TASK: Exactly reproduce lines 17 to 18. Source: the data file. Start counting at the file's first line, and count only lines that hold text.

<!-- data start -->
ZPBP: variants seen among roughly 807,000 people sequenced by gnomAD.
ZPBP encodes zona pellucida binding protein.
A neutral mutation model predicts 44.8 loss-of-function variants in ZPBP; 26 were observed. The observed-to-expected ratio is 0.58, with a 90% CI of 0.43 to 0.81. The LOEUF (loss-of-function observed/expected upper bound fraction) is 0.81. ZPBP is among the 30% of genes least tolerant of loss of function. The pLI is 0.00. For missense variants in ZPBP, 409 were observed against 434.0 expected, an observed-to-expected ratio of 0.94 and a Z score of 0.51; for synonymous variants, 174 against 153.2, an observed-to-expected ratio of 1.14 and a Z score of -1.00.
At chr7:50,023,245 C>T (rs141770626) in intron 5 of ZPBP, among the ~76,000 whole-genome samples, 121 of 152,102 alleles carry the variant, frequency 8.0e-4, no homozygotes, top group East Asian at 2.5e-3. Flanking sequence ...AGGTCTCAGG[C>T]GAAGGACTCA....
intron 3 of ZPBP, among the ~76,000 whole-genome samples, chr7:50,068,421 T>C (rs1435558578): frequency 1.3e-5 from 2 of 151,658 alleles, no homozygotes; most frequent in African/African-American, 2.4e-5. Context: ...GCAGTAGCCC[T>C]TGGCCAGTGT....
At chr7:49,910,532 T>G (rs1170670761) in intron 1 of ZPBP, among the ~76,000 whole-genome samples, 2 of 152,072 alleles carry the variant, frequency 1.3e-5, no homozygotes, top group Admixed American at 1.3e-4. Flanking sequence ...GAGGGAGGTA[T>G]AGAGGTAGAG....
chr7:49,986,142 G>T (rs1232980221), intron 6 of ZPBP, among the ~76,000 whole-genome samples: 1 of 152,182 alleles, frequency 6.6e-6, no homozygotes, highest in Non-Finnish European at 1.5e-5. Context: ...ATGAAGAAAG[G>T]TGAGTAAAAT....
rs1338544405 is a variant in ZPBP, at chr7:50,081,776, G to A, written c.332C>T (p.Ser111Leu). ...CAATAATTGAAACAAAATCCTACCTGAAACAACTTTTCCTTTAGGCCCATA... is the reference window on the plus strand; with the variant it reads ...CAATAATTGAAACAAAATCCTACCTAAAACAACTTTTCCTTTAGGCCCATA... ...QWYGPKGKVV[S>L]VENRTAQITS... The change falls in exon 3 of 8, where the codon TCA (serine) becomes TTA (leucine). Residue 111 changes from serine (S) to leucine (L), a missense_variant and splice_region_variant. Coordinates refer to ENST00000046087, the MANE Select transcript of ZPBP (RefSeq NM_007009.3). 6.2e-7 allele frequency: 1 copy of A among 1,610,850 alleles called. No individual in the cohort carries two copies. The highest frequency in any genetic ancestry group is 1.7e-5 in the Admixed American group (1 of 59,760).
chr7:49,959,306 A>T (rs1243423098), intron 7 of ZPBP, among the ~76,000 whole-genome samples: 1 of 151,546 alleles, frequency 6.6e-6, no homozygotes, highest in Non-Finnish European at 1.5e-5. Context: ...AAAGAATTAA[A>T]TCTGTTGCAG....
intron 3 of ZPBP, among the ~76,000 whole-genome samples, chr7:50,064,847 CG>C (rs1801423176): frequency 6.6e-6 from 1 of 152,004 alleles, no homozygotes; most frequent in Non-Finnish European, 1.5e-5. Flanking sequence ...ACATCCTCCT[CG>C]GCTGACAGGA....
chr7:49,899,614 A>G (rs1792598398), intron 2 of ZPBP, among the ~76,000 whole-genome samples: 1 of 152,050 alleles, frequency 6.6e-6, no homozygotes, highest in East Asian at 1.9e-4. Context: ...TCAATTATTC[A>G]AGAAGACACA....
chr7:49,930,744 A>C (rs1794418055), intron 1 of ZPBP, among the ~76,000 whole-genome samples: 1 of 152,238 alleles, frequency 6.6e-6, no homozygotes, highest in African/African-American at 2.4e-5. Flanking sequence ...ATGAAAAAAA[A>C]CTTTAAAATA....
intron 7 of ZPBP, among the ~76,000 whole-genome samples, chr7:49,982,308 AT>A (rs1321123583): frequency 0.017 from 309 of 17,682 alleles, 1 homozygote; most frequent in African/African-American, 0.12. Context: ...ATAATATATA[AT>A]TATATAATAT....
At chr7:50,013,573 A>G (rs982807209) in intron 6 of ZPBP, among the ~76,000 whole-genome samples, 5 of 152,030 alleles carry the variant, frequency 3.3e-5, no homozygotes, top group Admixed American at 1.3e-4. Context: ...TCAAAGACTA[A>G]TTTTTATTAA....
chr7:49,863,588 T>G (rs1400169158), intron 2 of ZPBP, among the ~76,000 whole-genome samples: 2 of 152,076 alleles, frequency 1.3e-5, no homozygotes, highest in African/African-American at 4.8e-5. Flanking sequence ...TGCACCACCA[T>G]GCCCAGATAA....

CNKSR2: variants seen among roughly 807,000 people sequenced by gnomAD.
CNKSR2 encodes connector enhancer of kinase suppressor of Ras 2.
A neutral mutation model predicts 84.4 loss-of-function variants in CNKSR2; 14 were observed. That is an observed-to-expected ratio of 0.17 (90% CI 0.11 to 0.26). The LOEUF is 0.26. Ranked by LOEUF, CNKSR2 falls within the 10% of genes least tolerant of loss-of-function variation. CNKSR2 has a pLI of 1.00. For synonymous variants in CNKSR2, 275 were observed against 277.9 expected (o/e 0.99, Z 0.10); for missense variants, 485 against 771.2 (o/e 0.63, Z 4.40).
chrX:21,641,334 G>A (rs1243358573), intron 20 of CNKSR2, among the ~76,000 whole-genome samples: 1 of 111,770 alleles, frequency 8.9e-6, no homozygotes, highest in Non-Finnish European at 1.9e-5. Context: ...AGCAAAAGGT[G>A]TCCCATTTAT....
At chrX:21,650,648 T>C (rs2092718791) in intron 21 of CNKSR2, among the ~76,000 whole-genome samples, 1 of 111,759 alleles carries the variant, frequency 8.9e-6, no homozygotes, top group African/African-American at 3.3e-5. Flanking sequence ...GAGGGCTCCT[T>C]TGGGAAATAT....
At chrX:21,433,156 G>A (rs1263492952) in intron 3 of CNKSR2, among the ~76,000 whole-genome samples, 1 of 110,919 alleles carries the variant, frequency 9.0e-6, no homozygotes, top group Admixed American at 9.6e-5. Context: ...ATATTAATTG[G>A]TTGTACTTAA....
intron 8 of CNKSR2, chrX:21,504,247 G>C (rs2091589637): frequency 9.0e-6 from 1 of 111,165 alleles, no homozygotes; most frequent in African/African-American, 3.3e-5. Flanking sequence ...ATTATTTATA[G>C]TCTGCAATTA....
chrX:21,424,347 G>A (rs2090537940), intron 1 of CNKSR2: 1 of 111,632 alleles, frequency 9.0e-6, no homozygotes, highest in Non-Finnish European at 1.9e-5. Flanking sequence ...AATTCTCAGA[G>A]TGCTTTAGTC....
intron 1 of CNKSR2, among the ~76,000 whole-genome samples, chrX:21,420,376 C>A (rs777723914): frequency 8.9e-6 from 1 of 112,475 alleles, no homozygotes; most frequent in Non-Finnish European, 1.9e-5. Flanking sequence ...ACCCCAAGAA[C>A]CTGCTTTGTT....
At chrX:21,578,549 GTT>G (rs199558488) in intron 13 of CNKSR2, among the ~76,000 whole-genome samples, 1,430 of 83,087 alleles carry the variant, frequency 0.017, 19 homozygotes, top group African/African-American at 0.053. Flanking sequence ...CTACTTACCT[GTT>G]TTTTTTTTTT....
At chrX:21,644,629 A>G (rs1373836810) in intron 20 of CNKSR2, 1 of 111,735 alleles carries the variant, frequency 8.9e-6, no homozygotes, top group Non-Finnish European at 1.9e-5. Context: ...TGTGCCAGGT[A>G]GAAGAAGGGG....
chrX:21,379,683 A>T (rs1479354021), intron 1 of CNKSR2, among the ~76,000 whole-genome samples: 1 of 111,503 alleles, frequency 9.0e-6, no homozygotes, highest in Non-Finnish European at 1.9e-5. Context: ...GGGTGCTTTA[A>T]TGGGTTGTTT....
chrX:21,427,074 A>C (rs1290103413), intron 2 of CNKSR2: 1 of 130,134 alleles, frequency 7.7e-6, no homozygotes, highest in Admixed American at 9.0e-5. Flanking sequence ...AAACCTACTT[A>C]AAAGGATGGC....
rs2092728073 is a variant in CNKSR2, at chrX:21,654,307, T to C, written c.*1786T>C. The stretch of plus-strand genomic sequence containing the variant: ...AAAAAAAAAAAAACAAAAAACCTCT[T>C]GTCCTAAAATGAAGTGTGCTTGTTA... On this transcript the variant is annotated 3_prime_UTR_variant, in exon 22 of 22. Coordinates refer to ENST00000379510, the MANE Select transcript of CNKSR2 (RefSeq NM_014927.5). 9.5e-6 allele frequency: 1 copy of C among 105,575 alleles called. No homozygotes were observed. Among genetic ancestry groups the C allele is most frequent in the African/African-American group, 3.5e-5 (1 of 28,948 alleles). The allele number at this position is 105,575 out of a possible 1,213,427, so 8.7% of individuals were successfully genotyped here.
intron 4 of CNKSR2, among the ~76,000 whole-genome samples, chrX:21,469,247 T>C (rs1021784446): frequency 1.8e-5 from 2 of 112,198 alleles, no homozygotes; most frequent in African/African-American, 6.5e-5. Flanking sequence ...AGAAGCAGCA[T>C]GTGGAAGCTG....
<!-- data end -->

CNKSR2 encodes connector enhancer of kinase suppressor of Ras 2.
A neutral mutation model predicts 84.4 loss-of-function variants in CNKSR2; 14 were observed. That is an observed-to-expected ratio of 0.17 (90% CI 0.11 to 0.26). The LOEUF is 0.26. Ranked by LOEUF, CNKSR2 falls within the 10% of genes least tolerant of loss-of-function variation. CNKSR2 has a pLI of 1.00. For synonymous variants in CNKSR2, 275 were observed against 277.9 expected (o/e 0.99, Z 0.10); for missense variants, 485 against 771.2 (o/e 0.63, Z 4.40).